Is this a researchable topic?

----------From: Student Researcher Sent: Thursday, April 12, 2001 10:14 AM To: Sanders, Arnie Subject: Research topic

Arnie--  I was thinking of maybe doing something on urban art or the effects of children's art programs in the inner-city/ urban areas. I guess just get back to me on whether this seems like a researchable topic or not.  I'll have to develop my actual problem/ idea more over the weekend.  Thanks, Student Researcher

--------Arnie's Reply--------

        You don't indicate that you have scanned the Art or Education journals and discovered that scholars are writing about urban art of children's art programs in urban school systems.  What drives your curiosity about those topics?  That matters quite a bit.  It is possible to begin this project from personal experience if your intuition is "hot."  Did you have a successful (or not?) experience with art education when you were in K-12?  Or have you read someone else's work that suggests urban kids interact well with art programs?  If that writer cites sources, you may be on your way.  To make sure you can wring the maximum from even one source, even a popular news article reporting on expert research, you might want to review last week's "difficult topic research" page.

        Remember this project has a less ambitious written product in mind.  The goal of this paper is not to produce a document like either the film analysis or the Hawthorne analysis, but more like the Product Purchase Recommendation, where you're mainly combining expert sources' opinions to create a small but independent insight about the situation they're debating. Everything depends on whether the topic you're thinking about is being debated by scholars in your field.  If not, it's not "researchable" at this point in your career.  Don't worry if that happens.  The intuition which sparked it may well lead to something nobody has yet discovered.  When you have had the art and education training at the 200- and 300-level, you can do some work in urban schools to gather primary source data to demonstrate that it needs research, and that be part of an independent study for a semester, or a senior thesis.  But don't try to do that in such a short period of time.

        For now, go to the bibliographic databases and the journals, and "eavesdrop" on what scholars are discussing until you find something interesting. If they are debating urban art or the effects of children's art programs, you can start gathering sources that allow you to report the range of opinion experts have about the topic.  That's one of the basic ways you will have to use other scholars' research in setting up the introduction to your independent theses.  If not, look for a topic that they do consider debatable, in need of research.  The clue could be in any published scholarly article, since they all will start by describing the current state of the discipline's knowledge and go on to explain what researchers need know and why.  That usually will expose the names of the scholars with which the author is allied, and the scholars whose views the author opposes.  Look up those sources and you have discovered your debate.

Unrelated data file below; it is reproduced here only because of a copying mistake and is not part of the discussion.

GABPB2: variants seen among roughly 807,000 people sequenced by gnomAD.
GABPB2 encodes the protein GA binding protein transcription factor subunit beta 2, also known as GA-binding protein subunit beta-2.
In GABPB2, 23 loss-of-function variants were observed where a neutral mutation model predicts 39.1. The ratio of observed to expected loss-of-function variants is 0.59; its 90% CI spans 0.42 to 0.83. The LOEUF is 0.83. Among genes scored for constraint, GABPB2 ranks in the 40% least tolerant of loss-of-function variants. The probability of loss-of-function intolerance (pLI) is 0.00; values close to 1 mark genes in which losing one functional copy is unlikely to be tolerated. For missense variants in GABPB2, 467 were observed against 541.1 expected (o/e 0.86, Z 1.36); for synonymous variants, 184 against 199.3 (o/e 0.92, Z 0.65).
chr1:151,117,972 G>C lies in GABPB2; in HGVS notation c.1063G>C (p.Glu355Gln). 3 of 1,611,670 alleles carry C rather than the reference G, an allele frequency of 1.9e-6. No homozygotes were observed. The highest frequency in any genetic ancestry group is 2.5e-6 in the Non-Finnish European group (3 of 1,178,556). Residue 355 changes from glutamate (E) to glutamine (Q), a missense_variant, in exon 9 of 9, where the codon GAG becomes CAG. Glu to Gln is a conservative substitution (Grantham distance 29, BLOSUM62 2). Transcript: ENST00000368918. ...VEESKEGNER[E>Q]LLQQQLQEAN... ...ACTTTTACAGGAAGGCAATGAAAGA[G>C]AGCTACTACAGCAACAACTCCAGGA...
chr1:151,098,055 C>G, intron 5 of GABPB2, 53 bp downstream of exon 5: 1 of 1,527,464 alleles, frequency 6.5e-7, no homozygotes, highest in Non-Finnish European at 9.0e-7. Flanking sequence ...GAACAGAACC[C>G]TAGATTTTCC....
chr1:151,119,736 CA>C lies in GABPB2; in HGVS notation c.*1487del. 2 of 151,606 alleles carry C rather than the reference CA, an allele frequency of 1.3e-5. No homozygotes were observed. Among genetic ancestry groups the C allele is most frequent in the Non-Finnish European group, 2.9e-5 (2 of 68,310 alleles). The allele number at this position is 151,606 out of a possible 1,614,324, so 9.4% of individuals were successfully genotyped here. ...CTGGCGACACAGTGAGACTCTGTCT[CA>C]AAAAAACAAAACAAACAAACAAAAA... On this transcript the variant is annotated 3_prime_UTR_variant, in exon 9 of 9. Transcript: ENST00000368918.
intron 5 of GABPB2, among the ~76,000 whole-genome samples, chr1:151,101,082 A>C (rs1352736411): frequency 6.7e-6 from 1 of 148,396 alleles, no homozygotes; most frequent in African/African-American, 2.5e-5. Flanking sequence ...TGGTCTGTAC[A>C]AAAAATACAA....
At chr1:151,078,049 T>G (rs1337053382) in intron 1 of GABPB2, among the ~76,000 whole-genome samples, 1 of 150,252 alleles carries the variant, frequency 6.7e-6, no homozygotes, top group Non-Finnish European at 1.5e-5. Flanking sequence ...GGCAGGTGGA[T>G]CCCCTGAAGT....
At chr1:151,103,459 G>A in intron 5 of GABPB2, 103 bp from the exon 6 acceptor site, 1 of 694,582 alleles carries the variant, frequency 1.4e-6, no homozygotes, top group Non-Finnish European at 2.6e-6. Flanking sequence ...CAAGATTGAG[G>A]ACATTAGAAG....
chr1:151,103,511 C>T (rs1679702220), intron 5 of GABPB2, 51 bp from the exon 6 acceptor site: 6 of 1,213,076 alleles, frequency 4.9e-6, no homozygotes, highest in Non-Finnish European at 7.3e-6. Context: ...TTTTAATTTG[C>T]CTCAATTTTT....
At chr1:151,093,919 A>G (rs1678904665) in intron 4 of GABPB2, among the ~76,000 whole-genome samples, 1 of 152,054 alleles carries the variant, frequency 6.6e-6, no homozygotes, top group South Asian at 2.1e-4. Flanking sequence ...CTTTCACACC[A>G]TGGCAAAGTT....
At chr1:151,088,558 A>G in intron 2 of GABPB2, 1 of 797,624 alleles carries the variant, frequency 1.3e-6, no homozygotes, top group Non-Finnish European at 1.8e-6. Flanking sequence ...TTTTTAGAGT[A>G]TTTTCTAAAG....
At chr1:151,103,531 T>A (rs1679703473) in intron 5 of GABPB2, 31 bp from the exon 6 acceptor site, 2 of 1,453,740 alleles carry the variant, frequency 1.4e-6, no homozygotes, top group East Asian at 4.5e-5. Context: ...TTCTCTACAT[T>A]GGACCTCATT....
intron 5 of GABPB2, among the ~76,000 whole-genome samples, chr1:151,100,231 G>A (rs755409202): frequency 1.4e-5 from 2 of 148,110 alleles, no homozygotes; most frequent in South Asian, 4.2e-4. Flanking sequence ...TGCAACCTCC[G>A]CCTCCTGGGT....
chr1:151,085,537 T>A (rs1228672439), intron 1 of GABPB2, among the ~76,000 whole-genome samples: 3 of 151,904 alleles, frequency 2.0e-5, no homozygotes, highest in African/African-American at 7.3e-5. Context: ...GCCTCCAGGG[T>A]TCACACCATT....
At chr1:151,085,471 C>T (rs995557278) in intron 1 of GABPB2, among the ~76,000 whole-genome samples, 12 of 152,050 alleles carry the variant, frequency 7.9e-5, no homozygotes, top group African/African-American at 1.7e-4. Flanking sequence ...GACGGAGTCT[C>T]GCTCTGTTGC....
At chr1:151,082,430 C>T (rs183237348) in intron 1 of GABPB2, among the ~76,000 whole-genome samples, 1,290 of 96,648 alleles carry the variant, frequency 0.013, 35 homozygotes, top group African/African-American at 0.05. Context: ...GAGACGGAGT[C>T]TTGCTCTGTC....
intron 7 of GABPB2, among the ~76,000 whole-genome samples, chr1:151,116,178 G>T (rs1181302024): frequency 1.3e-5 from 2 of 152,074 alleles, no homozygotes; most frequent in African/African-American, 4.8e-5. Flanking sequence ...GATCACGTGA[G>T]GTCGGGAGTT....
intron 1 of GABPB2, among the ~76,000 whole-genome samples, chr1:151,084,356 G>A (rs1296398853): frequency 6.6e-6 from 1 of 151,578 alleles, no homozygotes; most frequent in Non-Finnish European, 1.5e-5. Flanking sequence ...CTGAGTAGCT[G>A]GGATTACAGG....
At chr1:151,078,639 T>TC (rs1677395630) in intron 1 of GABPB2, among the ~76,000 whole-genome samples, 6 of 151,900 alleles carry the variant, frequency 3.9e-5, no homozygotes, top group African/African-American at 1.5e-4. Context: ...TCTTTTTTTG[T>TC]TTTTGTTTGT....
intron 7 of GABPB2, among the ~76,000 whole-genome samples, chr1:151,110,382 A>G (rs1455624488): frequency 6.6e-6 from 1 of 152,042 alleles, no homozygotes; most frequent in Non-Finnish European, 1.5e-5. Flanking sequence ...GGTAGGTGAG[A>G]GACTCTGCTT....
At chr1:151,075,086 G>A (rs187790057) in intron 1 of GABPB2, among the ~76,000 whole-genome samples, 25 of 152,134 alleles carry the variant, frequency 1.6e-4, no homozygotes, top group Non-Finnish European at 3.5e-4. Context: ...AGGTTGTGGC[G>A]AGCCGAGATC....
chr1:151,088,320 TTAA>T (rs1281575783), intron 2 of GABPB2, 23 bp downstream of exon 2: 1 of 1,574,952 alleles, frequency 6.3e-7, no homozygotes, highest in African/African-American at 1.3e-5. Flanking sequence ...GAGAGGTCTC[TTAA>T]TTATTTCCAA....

Then, combine those sources evidence and opinions to find things that may be true, and which later research might confirm or deny. Or, look at the things they are examining and think creatively about aspects of the issue they are not examining that could be important to the issue. There are other ways to do this, but I want to make sure that people realize this last paper should be relatively short.  It's like a forward peek into a possible major you might declare (or have declared) to see what the experts are talking about.  I'm most interested in seeing how you all focus your topic based on the available scholarly sources, and how you combine them to arrive at an independent thesis. It might not be terribly long, and and it might take up only two or three issues, but its value to the readers would be in its synthesis (creative combination) of the articles' evidence and reasoning to tell us something about where the discipline might be headed in the coming years. After that, it's up to you to decide where you want to take your curiosity on this topic in the next three years and more.